By: 永久浪客/Forever Vagabond
ST reported today that Swiss pharmaceutical giant Novartis is moving its key research facility, Novartis Institute for Tropical Diseases (NITD), out of Singapore.
It will be moved to California next year as part of “a broader global strategic plan”, said Novartis.
Novartis’ infectious diseases research headquarters is in California. It wanted NITD to be sited close to its research HQ.
“Moving the NITD is really intended to empower the research through the strength of collaborative proximity,” added Novartis.
NITD was set up as a public-private partnership between Novartis and EDB in 2002. Since then, it has grown to more than 100 researchers and supporting staff. “As a major center of excellence for drug discovery, NITD will offer exceptional teaching and training opportunities for post-doctoral fellows and graduate students,” its website said.
The EDB said it is working closely with Novartis to assist affected staff. EDB tried to assure the public, saying that other global pharmaceutical companies are still doing research here in Singapore. Biomedical manufacturing has also grown consistently, it added.
EDB’s incentives ran out?
Novartis was among the first to move into biomedical hub Biopolis when it was opened in 2004.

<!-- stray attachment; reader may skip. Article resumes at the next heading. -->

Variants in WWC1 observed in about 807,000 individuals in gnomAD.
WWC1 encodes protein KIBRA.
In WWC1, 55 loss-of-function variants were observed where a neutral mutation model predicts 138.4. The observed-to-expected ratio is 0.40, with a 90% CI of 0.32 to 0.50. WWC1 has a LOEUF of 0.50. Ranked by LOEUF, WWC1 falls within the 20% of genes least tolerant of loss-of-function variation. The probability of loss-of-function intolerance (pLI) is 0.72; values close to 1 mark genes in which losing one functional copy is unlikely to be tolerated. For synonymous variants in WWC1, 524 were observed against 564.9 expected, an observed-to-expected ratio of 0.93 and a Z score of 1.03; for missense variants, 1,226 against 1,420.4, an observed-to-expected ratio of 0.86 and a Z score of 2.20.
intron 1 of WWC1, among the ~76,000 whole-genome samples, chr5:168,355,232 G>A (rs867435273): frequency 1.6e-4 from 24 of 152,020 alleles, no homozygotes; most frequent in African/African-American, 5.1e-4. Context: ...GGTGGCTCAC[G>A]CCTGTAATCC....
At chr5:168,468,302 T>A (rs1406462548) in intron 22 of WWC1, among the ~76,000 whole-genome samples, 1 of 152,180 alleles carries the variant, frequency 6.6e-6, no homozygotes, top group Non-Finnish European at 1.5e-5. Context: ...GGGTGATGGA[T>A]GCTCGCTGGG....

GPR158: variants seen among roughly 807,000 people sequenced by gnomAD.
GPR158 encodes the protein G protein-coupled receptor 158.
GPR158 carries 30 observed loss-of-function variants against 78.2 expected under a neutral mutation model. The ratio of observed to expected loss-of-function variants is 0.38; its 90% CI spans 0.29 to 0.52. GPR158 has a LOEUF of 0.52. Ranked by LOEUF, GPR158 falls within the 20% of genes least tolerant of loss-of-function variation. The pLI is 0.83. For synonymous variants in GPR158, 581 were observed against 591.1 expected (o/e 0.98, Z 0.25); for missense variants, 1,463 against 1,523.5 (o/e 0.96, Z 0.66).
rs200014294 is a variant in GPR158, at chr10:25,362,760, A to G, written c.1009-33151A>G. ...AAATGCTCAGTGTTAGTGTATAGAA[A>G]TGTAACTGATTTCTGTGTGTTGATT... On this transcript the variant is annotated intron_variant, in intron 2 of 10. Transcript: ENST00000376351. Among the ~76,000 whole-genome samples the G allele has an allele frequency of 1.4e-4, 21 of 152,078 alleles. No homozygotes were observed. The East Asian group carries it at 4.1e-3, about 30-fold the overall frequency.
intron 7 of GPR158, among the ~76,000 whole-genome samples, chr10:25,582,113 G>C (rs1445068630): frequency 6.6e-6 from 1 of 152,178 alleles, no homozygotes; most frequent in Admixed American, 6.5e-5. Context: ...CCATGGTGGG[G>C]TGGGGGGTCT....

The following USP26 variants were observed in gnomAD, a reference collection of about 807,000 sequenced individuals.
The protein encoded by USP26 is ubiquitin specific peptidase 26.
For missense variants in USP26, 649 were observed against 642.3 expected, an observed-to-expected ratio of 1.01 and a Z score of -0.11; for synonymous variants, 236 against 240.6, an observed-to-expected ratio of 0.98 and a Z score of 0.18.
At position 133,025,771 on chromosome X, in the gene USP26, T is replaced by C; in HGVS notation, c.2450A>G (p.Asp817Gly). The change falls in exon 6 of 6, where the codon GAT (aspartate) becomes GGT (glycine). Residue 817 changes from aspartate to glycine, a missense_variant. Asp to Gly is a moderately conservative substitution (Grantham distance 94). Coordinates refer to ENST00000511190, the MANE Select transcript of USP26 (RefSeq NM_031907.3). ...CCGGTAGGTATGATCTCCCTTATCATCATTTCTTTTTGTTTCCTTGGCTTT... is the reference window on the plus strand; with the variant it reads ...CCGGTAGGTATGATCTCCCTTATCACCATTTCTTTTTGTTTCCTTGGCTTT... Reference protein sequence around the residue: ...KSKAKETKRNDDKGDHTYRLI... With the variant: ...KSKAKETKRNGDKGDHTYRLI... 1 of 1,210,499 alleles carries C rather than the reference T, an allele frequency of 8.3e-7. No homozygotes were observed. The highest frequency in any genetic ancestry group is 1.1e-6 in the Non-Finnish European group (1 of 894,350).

At the time, Financial Times reported that Singapore had offered large incentives to lure Novartis into Singapore (‘Singapore incentives lure Novartis to set up big drugs plant‘).
FT reported that the Singapore government had sought to attract global drug makers with a US$1.8 billion programme that includes research financing, start-up capital, tax breaks and new facilities.
When approached by FT, Novartis CEO, would not disclose how much of the US$1.8 billion perks it was receiving from EDB to open a new plant and NITD. He would only said that Novartis had selected Singapore because of its research infrastruture like Biopolis and political stability.
FT also reported that NITD, together with the research institutes of Eli Lilly and Viacell, are partly supported by government grants.
It’s not known if part of the reasons for Novartis to move NITD back to California is because it no longer receives further EDB incentives.